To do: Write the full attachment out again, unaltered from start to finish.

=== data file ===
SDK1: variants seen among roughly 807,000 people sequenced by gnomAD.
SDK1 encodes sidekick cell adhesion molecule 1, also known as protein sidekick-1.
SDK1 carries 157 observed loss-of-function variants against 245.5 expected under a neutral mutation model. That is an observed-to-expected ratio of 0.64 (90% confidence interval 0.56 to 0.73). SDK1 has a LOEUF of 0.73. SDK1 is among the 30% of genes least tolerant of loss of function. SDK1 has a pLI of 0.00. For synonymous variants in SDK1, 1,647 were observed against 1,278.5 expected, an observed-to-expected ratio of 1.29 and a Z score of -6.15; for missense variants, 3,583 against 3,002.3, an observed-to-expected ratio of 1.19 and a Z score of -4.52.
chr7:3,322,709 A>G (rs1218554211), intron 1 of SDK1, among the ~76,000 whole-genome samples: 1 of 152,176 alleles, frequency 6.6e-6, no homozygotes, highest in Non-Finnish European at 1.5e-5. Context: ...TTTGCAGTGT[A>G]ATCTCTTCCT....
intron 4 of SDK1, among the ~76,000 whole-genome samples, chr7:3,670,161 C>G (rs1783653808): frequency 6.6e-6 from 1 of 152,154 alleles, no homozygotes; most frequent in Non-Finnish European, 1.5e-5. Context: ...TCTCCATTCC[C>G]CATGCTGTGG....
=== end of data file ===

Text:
SDK1: variants seen among roughly 807,000 people sequenced by gnomAD.
SDK1 encodes sidekick cell adhesion molecule 1, also known as protein sidekick-1.
SDK1 carries 157 observed loss-of-function variants against 245.5 expected under a neutral mutation model. That is an observed-to-expected ratio of 0.64 (90% confidence interval 0.56 to 0.73). SDK1 has a LOEUF of 0.73. SDK1 is among the 30% of genes least tolerant of loss of function. SDK1 has a pLI of 0.00. For synonymous variants in SDK1, 1,647 were observed against 1,278.5 expected, an observed-to-expected ratio of 1.29 and a Z score of -6.15; for missense variants, 3,583 against 3,002.3, an observed-to-expected ratio of 1.19 and a Z score of -4.52.
chr7:3,322,709 A>G (rs1218554211), intron 1 of SDK1, among the ~76,000 whole-genome samples: 1 of 152,176 alleles, frequency 6.6e-6, no homozygotes, highest in Non-Finnish European at 1.5e-5. Context: ...TTTGCAGTGT[A>G]ATCTCTTCCT....
intron 4 of SDK1, among the ~76,000 whole-genome samples, chr7:3,670,161 C>G (rs1783653808): frequency 6.6e-6 from 1 of 152,154 alleles, no homozygotes; most frequent in Non-Finnish European, 1.5e-5. Context: ...TCTCCATTCC[C>G]CATGCTGTGG....